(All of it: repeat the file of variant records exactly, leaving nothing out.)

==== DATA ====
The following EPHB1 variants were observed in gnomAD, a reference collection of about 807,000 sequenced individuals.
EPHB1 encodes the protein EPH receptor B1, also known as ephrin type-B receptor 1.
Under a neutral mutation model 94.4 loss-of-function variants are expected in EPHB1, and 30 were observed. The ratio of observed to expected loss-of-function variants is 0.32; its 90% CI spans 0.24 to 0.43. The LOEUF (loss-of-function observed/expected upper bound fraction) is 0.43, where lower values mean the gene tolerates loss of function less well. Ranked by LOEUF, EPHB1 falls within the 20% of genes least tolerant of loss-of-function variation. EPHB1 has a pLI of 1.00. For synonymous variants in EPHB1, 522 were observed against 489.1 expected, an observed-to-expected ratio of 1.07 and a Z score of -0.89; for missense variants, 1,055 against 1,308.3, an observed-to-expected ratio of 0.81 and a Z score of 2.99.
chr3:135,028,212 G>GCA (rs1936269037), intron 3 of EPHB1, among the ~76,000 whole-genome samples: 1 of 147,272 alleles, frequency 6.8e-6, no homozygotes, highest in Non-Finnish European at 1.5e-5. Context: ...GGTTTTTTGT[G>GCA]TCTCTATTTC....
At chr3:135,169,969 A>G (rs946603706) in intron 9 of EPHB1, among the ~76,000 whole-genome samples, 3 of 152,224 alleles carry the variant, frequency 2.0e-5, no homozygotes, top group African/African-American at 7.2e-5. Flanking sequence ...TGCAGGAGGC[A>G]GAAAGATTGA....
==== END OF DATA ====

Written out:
The following EPHB1 variants were observed in gnomAD, a reference collection of about 807,000 sequenced individuals.
EPHB1 encodes the protein EPH receptor B1, also known as ephrin type-B receptor 1.
Under a neutral mutation model 94.4 loss-of-function variants are expected in EPHB1, and 30 were observed. The ratio of observed to expected loss-of-function variants is 0.32; its 90% CI spans 0.24 to 0.43. The LOEUF (loss-of-function observed/expected upper bound fraction) is 0.43, where lower values mean the gene tolerates loss of function less well. Ranked by LOEUF, EPHB1 falls within the 20% of genes least tolerant of loss-of-function variation. EPHB1 has a pLI of 1.00. For synonymous variants in EPHB1, 522 were observed against 489.1 expected, an observed-to-expected ratio of 1.07 and a Z score of -0.89; for missense variants, 1,055 against 1,308.3, an observed-to-expected ratio of 0.81 and a Z score of 2.99.
chr3:135,028,212 G>GCA (rs1936269037), intron 3 of EPHB1, among the ~76,000 whole-genome samples: 1 of 147,272 alleles, frequency 6.8e-6, no homozygotes, highest in Non-Finnish European at 1.5e-5. Context: ...GGTTTTTTGT[G>GCA]TCTCTATTTC....
At chr3:135,169,969 A>G (rs946603706) in intron 9 of EPHB1, among the ~76,000 whole-genome samples, 3 of 152,224 alleles carry the variant, frequency 2.0e-5, no homozygotes, top group African/African-American at 7.2e-5. Flanking sequence ...TGCAGGAGGC[A>G]GAAAGATTGA....